Bluetooth speaker on a rock. Credit: Habib Dadkhah on Unsplash

Bluetooth speakers are a hot topic in many outdoor sports. Speaker skiers are notoriously disrespectful individuals, and speaker hikers always seem to be the ones leaving their dog’s poop on the ground. I’m not going to reargue those points. It’s been done enough (and yet people still ride, hike, and ski around with speakers on their backs).

I want to take it one step further. I don’t think speakers belong in any outdoor public space. Camping? No speakers. Beaches? No speakers. Public parks? Still no speakers. Why? Because it’s disrespectful and it doesn’t follow Leave No Trace Principles.

The sixth of the seven principles states ‘Respect Wildlife’, and many animals rely on sound as a major part of survival. The Wildlife Habitat Council points out noisy environments can hinder communication, mating, navigation, and foraging for many animals. If you’re blasting tunes while out on a camping trip, even you know there isn’t a single human nearby, you could have a negative impact on the nearby wildlife.

The seventh principle, which might have a bit more weight for some people, states ‘Be Considerate of Others’. Even the Leave No Trace organization highlights how music can affect another person’s outdoor experience. Here’s the cold hard truth: not everyone is going to like your music. In fact, a lot of people might hate your music. So if you’re blasting tunes while sitting at your campsite or beach site and there are other parties that can hear your music, there’s a good chance you’re ruining their experience.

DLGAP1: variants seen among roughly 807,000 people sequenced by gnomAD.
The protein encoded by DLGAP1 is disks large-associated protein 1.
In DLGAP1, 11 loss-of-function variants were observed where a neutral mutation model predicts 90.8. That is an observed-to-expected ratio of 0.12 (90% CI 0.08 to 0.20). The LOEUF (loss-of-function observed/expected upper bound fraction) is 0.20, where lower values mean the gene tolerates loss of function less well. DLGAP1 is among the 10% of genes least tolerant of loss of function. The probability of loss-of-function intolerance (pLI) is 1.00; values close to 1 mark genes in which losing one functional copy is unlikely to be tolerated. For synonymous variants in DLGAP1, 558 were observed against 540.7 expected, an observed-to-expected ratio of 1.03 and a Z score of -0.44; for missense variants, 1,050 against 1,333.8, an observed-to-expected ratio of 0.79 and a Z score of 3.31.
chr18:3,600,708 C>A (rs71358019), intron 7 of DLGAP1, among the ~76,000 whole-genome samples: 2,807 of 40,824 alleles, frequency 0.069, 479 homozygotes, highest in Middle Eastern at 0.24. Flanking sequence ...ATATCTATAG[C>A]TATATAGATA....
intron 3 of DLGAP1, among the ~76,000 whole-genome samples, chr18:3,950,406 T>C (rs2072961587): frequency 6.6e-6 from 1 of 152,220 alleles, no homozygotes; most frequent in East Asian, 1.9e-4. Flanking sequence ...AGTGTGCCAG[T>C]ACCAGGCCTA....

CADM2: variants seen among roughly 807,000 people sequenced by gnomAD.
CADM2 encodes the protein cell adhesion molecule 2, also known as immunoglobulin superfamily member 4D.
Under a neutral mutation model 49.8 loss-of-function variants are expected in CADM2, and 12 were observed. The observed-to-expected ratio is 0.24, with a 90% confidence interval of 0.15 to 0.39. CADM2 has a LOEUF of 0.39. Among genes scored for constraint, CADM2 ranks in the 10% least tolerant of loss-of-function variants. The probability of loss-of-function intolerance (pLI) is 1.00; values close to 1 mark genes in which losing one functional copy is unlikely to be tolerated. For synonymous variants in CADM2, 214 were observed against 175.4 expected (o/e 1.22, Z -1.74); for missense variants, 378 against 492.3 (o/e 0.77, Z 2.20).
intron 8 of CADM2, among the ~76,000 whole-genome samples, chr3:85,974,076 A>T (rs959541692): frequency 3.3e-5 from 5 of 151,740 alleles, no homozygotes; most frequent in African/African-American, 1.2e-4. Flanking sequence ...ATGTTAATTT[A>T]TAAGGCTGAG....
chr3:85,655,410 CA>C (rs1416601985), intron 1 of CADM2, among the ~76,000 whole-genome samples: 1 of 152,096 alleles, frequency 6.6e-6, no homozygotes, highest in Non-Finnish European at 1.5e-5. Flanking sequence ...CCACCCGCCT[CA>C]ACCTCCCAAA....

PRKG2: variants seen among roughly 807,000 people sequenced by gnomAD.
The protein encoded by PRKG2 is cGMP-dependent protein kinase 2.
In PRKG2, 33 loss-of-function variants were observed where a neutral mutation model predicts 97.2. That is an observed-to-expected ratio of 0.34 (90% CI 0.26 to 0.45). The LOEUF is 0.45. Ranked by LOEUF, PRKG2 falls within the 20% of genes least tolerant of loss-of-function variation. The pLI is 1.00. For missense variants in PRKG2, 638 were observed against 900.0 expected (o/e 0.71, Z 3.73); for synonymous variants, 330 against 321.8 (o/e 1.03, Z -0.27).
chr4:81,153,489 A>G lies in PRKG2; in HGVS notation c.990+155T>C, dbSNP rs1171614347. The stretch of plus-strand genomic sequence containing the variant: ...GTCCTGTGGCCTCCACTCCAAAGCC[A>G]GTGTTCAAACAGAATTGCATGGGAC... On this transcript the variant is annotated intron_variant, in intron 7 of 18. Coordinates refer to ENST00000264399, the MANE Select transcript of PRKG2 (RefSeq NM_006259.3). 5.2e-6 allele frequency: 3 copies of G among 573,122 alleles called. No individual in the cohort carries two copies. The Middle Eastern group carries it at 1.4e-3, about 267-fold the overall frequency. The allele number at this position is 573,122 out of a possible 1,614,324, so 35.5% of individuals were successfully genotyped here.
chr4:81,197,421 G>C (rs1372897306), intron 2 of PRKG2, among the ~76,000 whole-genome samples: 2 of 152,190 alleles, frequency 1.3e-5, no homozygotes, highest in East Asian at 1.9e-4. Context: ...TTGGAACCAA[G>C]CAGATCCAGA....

Personally, I go outside camping, to the beach or simply into the nearby city park to enjoy nature. To get away from everything inside. I don’t go outside to be constantly reminded of everyone else around me and their terrible choice in music.

Obviously not every outdoor space has this expectation. Your own property, for example, or ski resort parking lots (even then, you shouldn’t be blaring your tunes so nobody else can hear their own). But when the expectation is to be in nature, turn of your music, or at least turn it down to a point where only you and your party can hear it. You are not the world’s personal DJ. Your music taste does not appeal to everyone.

Fortunately there’s this crazy invention this that lets you listen to whatever music you want, where ever you are, as loud as you want, without disturbing anyone around you. And best of all, they’re usually cheaper than bluetooth speakers. You can find out about them here.

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